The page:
German filmmaker Uli Edel is wise to the ways of mainstream American entertainment, having been attached as director to several critically acclaimed TV projects (Homicide, The Mists of Avalon). In The Baader-Meinhof Complex, he puts the experience to clever use, tackling a difficult, unwieldy topic through the form of a rousing docudrama.

German filmmaker Uli Edel is wise to the ways of mainstream American entertainment, having been attached as director to several critically acclaimed TV projects (Homicide, The Mists of Avalon). In The Baader-Meinhof Complex, he puts the experience to clever use, tackling a difficult, unwieldy topic through the form of a rousing docudrama.

Based on the true story of terrorist acts that rocked German society in the late '60s and '70s, the film follows the development of the Red Army Faction, a network of urban guerillas who feared a new age of fascism in Germany.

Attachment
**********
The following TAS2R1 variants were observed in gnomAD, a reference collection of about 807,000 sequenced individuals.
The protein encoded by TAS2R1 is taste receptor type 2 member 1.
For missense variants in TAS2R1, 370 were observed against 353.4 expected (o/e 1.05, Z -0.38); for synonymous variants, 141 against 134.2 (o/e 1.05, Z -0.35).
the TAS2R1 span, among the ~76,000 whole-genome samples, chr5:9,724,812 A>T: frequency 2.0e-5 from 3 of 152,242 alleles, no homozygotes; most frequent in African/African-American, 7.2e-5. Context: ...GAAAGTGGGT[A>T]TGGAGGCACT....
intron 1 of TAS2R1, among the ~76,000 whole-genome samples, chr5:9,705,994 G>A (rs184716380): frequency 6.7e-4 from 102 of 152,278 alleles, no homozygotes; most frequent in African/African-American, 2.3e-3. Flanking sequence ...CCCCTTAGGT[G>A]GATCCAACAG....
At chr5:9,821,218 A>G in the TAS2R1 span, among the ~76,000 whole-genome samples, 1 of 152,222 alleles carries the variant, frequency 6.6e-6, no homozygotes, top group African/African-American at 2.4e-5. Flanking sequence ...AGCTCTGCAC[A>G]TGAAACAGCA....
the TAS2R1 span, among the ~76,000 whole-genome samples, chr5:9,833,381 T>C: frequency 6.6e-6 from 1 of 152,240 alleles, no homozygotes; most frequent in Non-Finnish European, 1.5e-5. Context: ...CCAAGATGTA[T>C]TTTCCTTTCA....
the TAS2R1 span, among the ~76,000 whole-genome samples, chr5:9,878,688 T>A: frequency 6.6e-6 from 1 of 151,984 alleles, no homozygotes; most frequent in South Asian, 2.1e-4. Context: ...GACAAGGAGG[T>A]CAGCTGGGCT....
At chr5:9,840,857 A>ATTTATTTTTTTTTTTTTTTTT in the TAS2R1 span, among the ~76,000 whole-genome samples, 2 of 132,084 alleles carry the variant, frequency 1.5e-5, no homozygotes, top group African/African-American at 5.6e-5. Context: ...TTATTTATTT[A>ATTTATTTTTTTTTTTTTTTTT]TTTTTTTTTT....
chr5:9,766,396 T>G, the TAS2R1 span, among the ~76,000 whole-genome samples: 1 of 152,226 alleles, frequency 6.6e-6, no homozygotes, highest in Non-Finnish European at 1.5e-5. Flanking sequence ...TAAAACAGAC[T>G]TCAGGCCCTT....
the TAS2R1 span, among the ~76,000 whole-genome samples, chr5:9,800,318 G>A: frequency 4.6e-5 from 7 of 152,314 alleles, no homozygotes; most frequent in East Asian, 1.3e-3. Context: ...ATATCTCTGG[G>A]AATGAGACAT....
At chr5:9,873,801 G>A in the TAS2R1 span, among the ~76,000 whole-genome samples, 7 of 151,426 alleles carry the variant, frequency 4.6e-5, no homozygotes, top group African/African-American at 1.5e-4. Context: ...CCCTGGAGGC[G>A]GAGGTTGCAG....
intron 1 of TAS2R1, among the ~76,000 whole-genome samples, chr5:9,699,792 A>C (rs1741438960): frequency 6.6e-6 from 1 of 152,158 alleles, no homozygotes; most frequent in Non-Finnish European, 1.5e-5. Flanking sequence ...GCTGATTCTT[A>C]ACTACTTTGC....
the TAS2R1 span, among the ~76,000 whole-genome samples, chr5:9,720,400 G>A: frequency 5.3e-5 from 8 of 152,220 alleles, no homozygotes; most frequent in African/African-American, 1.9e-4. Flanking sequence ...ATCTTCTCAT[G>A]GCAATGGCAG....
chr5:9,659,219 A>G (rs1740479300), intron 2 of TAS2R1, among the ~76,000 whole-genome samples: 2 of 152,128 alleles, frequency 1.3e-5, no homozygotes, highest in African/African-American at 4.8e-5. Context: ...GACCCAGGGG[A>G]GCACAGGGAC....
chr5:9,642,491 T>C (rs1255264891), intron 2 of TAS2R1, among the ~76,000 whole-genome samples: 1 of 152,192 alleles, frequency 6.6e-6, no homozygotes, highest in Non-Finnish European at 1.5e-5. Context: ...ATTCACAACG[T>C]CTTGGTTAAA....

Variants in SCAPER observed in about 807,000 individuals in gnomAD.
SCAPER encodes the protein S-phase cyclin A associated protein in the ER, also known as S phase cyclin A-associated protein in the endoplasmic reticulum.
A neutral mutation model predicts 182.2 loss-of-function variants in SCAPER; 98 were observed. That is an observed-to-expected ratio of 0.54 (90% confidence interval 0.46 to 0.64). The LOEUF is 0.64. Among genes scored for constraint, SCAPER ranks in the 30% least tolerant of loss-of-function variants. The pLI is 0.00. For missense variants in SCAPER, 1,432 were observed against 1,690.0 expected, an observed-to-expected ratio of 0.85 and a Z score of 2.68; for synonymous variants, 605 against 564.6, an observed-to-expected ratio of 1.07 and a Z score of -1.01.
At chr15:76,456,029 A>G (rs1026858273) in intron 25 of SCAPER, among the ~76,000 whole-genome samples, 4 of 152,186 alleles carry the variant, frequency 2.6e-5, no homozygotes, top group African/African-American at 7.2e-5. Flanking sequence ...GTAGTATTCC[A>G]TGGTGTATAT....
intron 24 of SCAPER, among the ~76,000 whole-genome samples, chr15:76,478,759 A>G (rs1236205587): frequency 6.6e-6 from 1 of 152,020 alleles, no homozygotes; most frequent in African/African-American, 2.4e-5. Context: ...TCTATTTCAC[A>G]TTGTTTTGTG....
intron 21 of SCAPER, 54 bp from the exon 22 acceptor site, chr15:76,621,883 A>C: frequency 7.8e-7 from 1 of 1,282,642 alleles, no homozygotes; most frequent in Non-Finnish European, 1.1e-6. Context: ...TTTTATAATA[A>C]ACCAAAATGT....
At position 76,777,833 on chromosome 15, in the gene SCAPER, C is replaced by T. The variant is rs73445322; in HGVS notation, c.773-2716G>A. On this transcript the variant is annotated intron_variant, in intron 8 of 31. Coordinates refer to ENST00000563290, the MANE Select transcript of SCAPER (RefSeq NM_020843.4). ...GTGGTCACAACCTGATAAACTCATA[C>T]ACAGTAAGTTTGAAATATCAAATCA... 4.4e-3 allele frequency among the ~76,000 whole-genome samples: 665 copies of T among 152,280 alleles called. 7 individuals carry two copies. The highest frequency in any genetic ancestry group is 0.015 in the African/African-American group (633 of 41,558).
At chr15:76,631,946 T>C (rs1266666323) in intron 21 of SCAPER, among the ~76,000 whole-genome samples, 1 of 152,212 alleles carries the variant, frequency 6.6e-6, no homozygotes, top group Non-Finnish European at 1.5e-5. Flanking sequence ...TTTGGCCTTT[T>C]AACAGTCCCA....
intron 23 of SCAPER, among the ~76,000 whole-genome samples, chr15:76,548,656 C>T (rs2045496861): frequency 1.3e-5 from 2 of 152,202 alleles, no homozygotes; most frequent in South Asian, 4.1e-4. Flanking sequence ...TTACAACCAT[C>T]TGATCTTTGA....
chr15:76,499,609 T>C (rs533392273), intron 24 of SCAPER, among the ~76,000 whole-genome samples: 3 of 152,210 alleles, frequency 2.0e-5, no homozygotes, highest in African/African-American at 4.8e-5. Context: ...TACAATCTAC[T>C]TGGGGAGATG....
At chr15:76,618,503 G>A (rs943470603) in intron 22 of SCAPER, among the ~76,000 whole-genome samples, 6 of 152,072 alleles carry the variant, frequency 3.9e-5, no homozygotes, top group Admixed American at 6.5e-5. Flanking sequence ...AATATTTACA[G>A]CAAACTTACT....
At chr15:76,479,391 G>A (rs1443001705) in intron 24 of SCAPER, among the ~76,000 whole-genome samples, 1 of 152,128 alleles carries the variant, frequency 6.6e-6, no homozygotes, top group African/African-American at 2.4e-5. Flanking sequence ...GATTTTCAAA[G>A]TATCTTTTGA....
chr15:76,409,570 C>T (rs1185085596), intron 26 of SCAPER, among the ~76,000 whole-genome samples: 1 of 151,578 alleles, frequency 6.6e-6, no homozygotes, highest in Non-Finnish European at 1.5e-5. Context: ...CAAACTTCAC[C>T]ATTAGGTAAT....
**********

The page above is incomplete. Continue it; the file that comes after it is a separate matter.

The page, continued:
In slick fashion, it covers the titular members of the movement - armed rabble-rouser Baader (Moritz Bleibtreu) and respected journalist-turned-fugitive Meinhof (Martina Gedeck) - and the evolution of their movement into an international force beyond their control.

The sheer amount of information within the film can be a challenge to absorb and leads to several players getting the short shrift, including Meinhof. Beyond the facts, however, Edel builds a powerful awareness of the myriad causes for terrorism, from national pride to personal character flaws, and how difficult they can be to counter.